FORT MILL — Roman Catholics across York County were “stunned” to wake up Monday to news that Pope Benedict XVI will step down at the end of the month, but there likely will be little or no immediate effect on the area’s thousands of Catholic families.
Still, the news shocked even local clergy, who had no inkling that Benedict was going to abdicate. He said Monday morning he no longer has the strength to continue, becoming the first pope in about 600 years to abdicate.
York County is home to The Oratory, two Catholic churches in Rock Hill and one each in Fort Mill, York and Lake Wylie.
More than 40 people attended the noon Mass at The Oratory chapel Monday, and blurted, “What?” when the news was announced by the priest. Louise and Jack Clinton afterward called the announcement “shocking.”
At daily Mass Monday morning at St. Philip Neri Catholic Church in Fort Mill, Father Joe Pearce brought up the news and reaction from the faithful. Many of the dozens of parishioners in attendance stared at a picture of Benedict hanging in the sanctuary throughout the service.
Pearce asked the congregation to pray for Benedict and for the church, nation and world.
“The pope has determined that the church needs a new leader,” Pearce said, “and I commend him for making a mature decision in the best interest of all.”
Pearce prayed for the future of Benedict, 85, and the church, asking that God “allow for someone younger to take the reins.”
After Mass, Pearce said he understood the surprised reaction from Catholics.
“This hasn’t happened in about 600 years and all of a sudden it happened,” Pearce said. “People do want answers about what it means.”
St. Philip Neri has boomed in recent years, as Fort Mill has grown with thousands of transplanted people from the Northeast and Midwest. Other parishes in Lake Wylie and Indian Land also have seen an increase in membership, especially among retirees who have moved to the area.
St. Philip Neri parishioner Peggy Hagen offered up a prayer for Benedict during the portion of Mass when prayers of the people are voiced.
“Let us all pray for the courage of Pope Benedict and his successor,” she said.
After the service, Hagen said Catholics should not consider the action a resignation.
“The pope is abdicating, stepping aside really,” Hagen said. “He was secretary to the previous pope (John Paul II). He knows better than anyone what the duties are and whether he can perform those duties.”
Speculation will now center on whether a new pope might be chosen from South America, Africa or Asia, where hundreds of millions of Catholics live.
“That would be a good thing,” Hagen said.
It also would be a first.
JoAnn Brown was “plainly stunned and shocked,” by the pope’s decision, but she appreciates that it was done for reasons that might strengthen the church.
“This must have been the most difficult decision of his life, to step down,” Brown said.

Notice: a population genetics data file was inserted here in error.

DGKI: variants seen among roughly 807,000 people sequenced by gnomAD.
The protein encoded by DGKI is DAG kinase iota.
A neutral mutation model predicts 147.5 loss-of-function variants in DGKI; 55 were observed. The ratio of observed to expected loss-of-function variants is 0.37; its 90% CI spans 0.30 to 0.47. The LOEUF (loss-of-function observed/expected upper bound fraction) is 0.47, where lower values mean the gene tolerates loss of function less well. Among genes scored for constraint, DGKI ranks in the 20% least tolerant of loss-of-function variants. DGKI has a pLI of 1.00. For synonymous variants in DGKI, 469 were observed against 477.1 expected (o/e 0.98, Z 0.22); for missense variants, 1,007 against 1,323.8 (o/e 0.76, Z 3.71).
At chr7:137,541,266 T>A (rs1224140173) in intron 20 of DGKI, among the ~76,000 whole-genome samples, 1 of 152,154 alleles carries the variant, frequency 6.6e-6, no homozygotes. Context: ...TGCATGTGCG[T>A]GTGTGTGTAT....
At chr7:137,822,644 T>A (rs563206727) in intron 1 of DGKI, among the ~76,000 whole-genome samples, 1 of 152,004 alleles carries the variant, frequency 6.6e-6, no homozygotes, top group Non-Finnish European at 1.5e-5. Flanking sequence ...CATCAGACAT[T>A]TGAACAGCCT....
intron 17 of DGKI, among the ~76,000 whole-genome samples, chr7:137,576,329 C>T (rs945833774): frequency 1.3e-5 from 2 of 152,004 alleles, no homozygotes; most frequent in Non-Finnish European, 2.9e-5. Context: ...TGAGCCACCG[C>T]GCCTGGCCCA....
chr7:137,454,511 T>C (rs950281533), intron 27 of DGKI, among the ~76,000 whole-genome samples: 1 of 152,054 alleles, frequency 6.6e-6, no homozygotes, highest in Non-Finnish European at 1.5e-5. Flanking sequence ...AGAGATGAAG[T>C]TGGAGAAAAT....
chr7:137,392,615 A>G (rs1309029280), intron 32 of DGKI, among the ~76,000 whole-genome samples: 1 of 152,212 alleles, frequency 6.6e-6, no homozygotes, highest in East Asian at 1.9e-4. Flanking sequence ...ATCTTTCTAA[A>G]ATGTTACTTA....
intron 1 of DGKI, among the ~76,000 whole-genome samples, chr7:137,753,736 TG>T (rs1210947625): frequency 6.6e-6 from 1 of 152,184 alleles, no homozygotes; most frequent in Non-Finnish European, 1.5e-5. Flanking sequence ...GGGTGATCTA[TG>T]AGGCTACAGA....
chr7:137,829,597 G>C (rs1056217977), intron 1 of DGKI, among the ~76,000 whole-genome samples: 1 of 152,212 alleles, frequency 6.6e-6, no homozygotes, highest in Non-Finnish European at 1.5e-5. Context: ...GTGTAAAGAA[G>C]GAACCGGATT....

Another St. Philip Neri worshipper, Beverly Schneider, used the word “saddened” as well as “very stunned,” to describe her emotional reaction to the decision.
“I am sad he is too ill to stay to the end, to continue to lead the church,” she said.
The pope is “the boss” of 1 billion Catholics worldwide in lay terms, said Father John Giuliani, provost of The Oratory, a Catholic brotherhood in Rock Hill that administrates area Catholic parishes.
“Certainly it was surprising, but it seems like it comes at a good time for him, when he can clearly make this decision and knows that he is slowing down,” Giuliani said. “People in the church will surely be talking about this, but I saw him do a baptism just a couple of weeks ago, and he had others assisting him.”
The pope is “pastor of the whole church,” the bishop of Rome and the top religious leader for all Catholics, Giuliani said. The pope gives direction and guidance to church members worldwide, and a successor now becomes the focus of Catholics.
“There will be much prayer about it, but the workings of the church will not be affected much, if any,” Giuliani said. “When Pope John Paul II – he was Polish – was elected, that was a big deal as he was not Italian.
“But the church will continue. It always does. The church always seems to pull through.”
Giuliani was close to Benedict six years ago at a service at St. Peter’s Basilica in Rome.
“He was in a Jeep, and the Jeep rolled right up the steps and he got out,” Giuliani said. “But in recent days he gets around on a cart. He must believe that it is the right time to leave.”
Benedict is known for his kind heart and considerate ways, Giuliani said.
At St. Anne Catholic Church in Rock Hill, Deacon Jim Hyland said he was “still digesting the stunning news” that the pope is leaving by resignation.
Catholics will look toward the future, he said, and the pope made a “deliberate” decision to step aside while having all his “faculties” in place.
“In just my lifetime I have seen six popes,” Hyland said. “Changes do come and people will talk about it and what it could mean, but the church will move forward deliberately, too.”
The announcement will not affect Mass times, including Wednesday, Giuliani said. Ash Wednesday is the beginning of the Lenten season for Catholics and other denominations, and most parishes have services to mark the event.
Andrew Dys • 803-329-4065 • email@example.com